How Many Churches Will Close?

Speculation runs rampant these days as prognosticators and researchers attempt to predict how many churches will be closing within the next 12 to 24 months. Recently, Barna president David Kinnaman indicated that as many as 20 percent of churches could close within the next 18 months.

Speaking to the NPR’s “Here and Now” gathering, he stated, “In the long run, I think we’ll look back at this pandemic as a fundamental change to the way Americans attend church. I think the digital church is here to stay, and I think it’s going to really change the way people think about their donation relationship with the church.”

Even before the pandemic, Barna reported that Americans were church hopping more and church attendance was declining among young people. The July Barna report stated that one in three practicing Christians has stopped attending church, whether online or in person, since the COVID-19 outbreak.

The financial struggle that churches are encountering was part of the reasoning behind Kinnaman’s estimate that one in five churches will close within the next 18 months. He said, “That prediction was based on data about two and half months ago (in July), and I think we’re even more likely to see that to be the case today.”

The Southern Baptist Convention and most state conventions have been decreasing for years. Pew Research stated that the country is in a time of “specific religious change.” The “nones” category (people who answer no to the question of which religion they embrace) has been growing, while those identifying as Christians have been decreasing.

The Hartford Institute said 40 percent of Americans say they attend church weekly, but only 20 percent actually attend. Before the pandemic, they reported that 3 million churchgoers became “religiously unaffiliated” each year.

There are more than 300,000 Protestant congregations in the United States. If Kinnaman’s prediction is applied to Protestant churches only, approximately 60,000 would close in the next 18 months.

Thom Rainer, former president of LifeWay Christian Resources, wrote that estimates range from 5,000 to 10,000 church closings each year in America. He cited some developing trends he sees as the pandemic comes to an end:

• More pastors than ever will be moving from full time to bivocational roles

• More churches will develop a foster relationship or merge with another church

• Some churches that cannot sustain their congregational health will be adopted by a stronger church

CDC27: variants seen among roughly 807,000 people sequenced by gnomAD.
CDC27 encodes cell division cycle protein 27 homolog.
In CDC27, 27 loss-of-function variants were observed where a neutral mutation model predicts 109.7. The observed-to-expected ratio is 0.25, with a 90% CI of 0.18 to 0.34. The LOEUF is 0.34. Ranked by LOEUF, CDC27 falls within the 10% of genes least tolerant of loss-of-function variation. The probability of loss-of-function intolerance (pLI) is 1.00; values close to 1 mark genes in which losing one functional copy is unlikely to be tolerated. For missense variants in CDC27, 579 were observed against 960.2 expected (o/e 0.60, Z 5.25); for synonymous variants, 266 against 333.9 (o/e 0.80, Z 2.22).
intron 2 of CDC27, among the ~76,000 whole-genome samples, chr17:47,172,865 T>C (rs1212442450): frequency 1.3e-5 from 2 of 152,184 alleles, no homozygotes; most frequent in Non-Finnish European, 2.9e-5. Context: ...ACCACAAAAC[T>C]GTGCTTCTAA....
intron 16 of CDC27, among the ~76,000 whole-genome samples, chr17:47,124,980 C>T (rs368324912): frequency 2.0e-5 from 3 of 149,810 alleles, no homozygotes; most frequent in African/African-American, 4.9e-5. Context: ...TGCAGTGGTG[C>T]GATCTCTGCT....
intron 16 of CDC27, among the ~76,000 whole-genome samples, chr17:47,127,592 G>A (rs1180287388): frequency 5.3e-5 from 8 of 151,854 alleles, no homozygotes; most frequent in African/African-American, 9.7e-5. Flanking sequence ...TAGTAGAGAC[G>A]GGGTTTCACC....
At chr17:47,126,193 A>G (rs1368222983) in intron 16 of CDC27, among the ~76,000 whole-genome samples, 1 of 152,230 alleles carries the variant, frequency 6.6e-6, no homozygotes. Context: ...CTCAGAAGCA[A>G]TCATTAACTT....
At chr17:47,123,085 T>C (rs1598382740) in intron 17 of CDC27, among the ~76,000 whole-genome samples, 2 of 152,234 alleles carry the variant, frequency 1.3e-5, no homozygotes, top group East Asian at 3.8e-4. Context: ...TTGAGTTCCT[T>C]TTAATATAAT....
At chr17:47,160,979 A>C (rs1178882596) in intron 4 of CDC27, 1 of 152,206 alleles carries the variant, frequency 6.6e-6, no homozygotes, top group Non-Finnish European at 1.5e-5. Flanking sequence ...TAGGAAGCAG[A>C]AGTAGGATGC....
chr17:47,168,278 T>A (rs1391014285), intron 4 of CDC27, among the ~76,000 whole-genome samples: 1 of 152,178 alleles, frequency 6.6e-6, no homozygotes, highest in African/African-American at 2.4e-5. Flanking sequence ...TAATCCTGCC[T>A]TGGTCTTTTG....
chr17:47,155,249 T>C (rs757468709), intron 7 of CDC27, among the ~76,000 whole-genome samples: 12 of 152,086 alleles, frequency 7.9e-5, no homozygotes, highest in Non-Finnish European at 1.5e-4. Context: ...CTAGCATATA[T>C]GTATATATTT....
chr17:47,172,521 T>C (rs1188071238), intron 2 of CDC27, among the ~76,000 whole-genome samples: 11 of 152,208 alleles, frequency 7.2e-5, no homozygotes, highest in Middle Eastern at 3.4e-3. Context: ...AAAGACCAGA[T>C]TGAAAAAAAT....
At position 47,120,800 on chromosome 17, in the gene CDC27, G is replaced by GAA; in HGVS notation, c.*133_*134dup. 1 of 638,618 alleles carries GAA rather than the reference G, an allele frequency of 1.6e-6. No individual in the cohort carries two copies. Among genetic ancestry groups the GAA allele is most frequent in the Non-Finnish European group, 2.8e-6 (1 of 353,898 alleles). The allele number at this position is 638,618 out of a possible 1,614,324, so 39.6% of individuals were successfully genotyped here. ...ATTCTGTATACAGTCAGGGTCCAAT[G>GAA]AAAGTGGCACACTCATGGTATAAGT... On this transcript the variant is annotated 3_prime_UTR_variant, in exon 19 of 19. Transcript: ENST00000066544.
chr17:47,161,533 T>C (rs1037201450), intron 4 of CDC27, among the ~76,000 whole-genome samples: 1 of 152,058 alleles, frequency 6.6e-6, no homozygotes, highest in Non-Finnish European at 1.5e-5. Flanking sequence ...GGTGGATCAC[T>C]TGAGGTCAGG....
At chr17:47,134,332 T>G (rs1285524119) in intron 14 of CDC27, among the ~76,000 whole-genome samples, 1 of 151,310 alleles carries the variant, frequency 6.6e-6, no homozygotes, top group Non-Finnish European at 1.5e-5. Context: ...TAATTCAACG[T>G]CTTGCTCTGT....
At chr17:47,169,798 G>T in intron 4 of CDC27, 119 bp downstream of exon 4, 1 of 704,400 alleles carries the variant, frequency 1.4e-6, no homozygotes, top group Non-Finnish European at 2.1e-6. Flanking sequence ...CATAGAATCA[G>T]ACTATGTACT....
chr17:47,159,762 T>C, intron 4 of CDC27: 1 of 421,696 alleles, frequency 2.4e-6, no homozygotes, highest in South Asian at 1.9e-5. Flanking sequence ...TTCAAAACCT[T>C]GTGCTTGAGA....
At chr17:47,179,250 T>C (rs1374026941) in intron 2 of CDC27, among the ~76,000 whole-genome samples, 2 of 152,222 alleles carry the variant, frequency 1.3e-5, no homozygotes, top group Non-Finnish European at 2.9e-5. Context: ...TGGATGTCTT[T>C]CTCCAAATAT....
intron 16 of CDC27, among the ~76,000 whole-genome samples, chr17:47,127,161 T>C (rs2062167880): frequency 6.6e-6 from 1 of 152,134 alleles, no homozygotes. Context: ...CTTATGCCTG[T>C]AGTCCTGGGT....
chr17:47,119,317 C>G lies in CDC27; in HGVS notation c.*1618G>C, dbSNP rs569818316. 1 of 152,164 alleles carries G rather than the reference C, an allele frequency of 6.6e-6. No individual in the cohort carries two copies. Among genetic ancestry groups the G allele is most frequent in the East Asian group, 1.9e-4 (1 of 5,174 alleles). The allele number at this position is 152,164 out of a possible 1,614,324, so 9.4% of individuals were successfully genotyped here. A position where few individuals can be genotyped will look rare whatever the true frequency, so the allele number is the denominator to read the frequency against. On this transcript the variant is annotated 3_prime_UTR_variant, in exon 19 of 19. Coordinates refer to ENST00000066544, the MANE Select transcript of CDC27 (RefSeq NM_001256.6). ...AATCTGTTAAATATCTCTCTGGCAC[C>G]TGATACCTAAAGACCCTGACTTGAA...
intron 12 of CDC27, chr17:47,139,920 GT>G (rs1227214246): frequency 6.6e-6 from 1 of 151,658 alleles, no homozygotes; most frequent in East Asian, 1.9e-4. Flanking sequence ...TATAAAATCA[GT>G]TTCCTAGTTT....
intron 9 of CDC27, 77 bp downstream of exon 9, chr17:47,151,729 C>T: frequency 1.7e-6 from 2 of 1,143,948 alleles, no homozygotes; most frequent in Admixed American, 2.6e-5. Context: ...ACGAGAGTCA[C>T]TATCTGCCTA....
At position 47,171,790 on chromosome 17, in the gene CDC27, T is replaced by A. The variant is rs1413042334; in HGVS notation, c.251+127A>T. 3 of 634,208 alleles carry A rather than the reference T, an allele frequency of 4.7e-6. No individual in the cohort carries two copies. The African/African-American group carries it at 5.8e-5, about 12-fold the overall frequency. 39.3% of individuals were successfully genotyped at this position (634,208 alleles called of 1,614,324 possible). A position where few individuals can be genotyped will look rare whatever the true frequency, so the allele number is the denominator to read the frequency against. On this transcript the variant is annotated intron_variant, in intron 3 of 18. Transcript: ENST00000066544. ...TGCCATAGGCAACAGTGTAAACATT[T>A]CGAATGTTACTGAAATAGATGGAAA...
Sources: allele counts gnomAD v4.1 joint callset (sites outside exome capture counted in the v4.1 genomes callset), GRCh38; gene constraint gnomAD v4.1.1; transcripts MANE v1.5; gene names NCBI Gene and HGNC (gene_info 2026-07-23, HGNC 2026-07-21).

• Churches will start more churches, particularly “micro churches” (25-30 people)

• More churches will emphasize conversion growth (church growth, he says, has basically been transfer growth for the past 30 years).

Jay Hardwick, associate executive director-treasurer and chief strategist for the South Carolina Baptist Convention, said, “If something dramatic does not happen within five to 10 years, many churches will close their doors.” Mergers and churches adopting or fostering other churches are anticipated to increase following the pandemic, Hardwick said. “For some churches, the most faithful choice they can make is to close and invest their resources elsewhere,” he continued. “That is the final step. Our goal is to direct at-risk churches to the options that are available to them:

1) REVITALIZATION — churches rethink strategy, structures, etc. At this stage, they still have enough resources to grow into a strong church;

2) RESTART — new leadership and resources are required at this stage, along with an infusion of new life;

3) RE-INVEST — a church would celebrate what God has done and re-invest its resources, such as donating its property to another church, the association or state convention.”

Hardwick also encourages struggling or declining churches to go to a convention website ( to gain some insights and help.

According to Barna, about 58 percent of pastors who were surveyed said they felt very confident their churches would survive the disruption related to decreased giving arising from the pandemic. About 31 percent of the pastors believed their church attendance would rebound to pre-pandemic levels.

Kinnaman pointed out that simply reopening a church does not solve the underlying problems. He said, “To address these challenges, there will have to be an even greater demonstration of the value a church brings, not just to those who attend but also to those who are part of its community.”

Who knows how many churches will close in the next few years? Researchers and prognosticators, like the rest of us, are not infallible. Even at-risk churches can experience revival and re-dream the vision for their church. Perhaps the pandemic will have positive changes for our churches that otherwise might have never occurred.